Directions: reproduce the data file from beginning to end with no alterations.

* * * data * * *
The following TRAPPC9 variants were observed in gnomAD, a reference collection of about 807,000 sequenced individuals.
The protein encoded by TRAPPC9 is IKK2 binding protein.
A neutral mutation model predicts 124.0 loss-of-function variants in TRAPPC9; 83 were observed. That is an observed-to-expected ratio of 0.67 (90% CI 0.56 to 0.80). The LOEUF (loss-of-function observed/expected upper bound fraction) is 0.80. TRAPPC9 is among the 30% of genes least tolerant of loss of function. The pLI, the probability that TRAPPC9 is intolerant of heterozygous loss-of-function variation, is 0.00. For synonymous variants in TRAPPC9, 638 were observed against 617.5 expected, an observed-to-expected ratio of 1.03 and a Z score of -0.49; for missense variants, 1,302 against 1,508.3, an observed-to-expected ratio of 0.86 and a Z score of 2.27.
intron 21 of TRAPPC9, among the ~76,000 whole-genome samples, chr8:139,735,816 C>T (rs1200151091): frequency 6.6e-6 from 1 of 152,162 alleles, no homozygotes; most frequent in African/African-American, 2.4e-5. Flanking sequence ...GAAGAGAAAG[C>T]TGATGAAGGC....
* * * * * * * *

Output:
The following TRAPPC9 variants were observed in gnomAD, a reference collection of about 807,000 sequenced individuals.
The protein encoded by TRAPPC9 is IKK2 binding protein.
A neutral mutation model predicts 124.0 loss-of-function variants in TRAPPC9; 83 were observed. That is an observed-to-expected ratio of 0.67 (90% CI 0.56 to 0.80). The LOEUF (loss-of-function observed/expected upper bound fraction) is 0.80. TRAPPC9 is among the 30% of genes least tolerant of loss of function. The pLI, the probability that TRAPPC9 is intolerant of heterozygous loss-of-function variation, is 0.00. For synonymous variants in TRAPPC9, 638 were observed against 617.5 expected, an observed-to-expected ratio of 1.03 and a Z score of -0.49; for missense variants, 1,302 against 1,508.3, an observed-to-expected ratio of 0.86 and a Z score of 2.27.
intron 21 of TRAPPC9, among the ~76,000 whole-genome samples, chr8:139,735,816 C>T (rs1200151091): frequency 6.6e-6 from 1 of 152,162 alleles, no homozygotes; most frequent in African/African-American, 2.4e-5. Flanking sequence ...GAAGAGAAAG[C>T]TGATGAAGGC....